HAPI - haptic interaction for mobile devices
Haptic interface project in collaboration with Nokia
HP Labs Research : MMSL : Projects : DJammer
The HP DJammer portable appliance could be the next generation of MP3 players. Building on top of current MP3 players, the HP DJammer has the following two additional functionalities: a personal DJ User Interface (UI), and a live digital session with one (or more) similar HP DJammer appliance enabling listeners to create music and digitally mix in real-time together (hence the term jamming).
Laser-based tracking for real-time gesture acquisition
lucid touch homepage
Touch is a compelling input modality for interactive devices; however, touch input on the small screen of a mobile device is problematic because a user’s fingers occlude the graphical elements he wishes to work with. LucidTouch is a mobile device that addresses this limitation by allowing the user to control the application by touching the back of the device. The key to making this usable is what we call pseudo-transparency: by overlaying an image of the user’s hands onto the screen, we create the illusion of the mobile device itself being semitransparent. This pseudo-transparency allows users to accurately acquire targets while not occluding the screen with their fingers and hand. LucidTouch also supports multi-touch input, allowing users to operate the device simultaneously with all 10 fingers.
MERL – DiamondTouch
The MERL DiamondTouch table is a multi-user, debris-tolerant, touch-and-gesture-activated screen for supporting small group collaboration. The DiamondTouch table is available commercially as a developer's kit and includes: a selection of demonstration applications; a mouse emulator with onscreen keyboard to support common Windows applications; and a Software Developer's Kit allowing the development of new software applications that support gesture inputs and multiple simultaneous users.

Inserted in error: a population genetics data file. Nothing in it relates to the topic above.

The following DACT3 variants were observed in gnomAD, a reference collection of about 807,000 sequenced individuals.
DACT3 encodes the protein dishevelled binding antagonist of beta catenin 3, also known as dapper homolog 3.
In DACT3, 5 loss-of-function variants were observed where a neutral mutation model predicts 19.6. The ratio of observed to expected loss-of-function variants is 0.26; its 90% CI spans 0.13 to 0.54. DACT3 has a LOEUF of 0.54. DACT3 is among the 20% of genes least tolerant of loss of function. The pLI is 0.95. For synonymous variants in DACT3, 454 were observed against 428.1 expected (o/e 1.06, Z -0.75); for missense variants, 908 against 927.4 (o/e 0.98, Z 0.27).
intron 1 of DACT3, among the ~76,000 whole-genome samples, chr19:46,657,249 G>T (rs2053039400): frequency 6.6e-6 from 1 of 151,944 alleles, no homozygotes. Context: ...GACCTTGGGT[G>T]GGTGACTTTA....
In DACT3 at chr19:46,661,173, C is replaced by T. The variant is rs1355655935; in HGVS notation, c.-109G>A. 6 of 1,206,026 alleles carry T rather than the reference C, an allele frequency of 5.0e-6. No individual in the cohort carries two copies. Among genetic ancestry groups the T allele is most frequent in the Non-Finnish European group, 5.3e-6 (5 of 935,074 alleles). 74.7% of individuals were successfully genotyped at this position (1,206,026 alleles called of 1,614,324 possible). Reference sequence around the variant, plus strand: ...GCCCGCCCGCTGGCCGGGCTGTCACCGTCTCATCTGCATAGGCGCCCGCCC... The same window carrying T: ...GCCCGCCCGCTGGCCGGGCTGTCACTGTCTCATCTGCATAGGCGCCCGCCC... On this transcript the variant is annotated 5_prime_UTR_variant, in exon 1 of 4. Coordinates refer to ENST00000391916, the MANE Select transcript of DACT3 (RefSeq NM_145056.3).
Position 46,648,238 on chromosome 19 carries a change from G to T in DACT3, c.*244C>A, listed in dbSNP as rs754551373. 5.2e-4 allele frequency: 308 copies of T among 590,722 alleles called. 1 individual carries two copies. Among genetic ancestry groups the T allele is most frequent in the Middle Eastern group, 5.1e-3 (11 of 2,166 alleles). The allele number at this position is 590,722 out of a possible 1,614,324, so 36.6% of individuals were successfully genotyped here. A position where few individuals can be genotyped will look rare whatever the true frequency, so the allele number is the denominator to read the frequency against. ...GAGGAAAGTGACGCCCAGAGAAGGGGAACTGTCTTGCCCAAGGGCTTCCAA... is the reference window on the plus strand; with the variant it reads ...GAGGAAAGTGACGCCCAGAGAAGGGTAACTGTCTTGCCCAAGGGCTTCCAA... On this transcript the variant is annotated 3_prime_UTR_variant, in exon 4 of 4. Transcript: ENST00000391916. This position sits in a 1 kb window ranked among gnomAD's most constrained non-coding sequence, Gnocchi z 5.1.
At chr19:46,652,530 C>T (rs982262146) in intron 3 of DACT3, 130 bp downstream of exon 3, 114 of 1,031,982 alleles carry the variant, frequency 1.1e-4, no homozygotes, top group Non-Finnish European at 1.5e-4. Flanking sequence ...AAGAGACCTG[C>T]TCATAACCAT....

Multi-Touch Interaction Research
Bi-manual, multi-point, and multi-user interactions on a graphical display surface.
Multi-Touch-Table for Virtual Factory
Existing devices for human-computer communication fail to exploit fully the human hand’s potential for action. Standard commercially available mice and touchpads support only one pointer position, at which two or three different actions can be triggered. Keyboards distinguish only discrete points and are not pressure-sensitive. Developers have not yet come up with input devices that allow more sophisticated communication between humans and computers. It might be possible to develop user interfaces enabling, say, a violin player to generate sounds with the computer. Other devices could be used to implement a design process for modelling clay on the computer. Toys could be “awareâ€� of a child’s actions and thus give the impression of being alive.

1 comment:

Sebastian said...

Did you see the Touchlab from the NewMedia Yuppies, Germany. It´s a new human-machine interface with multitouch technology in a 3D relatime engine. Interesting: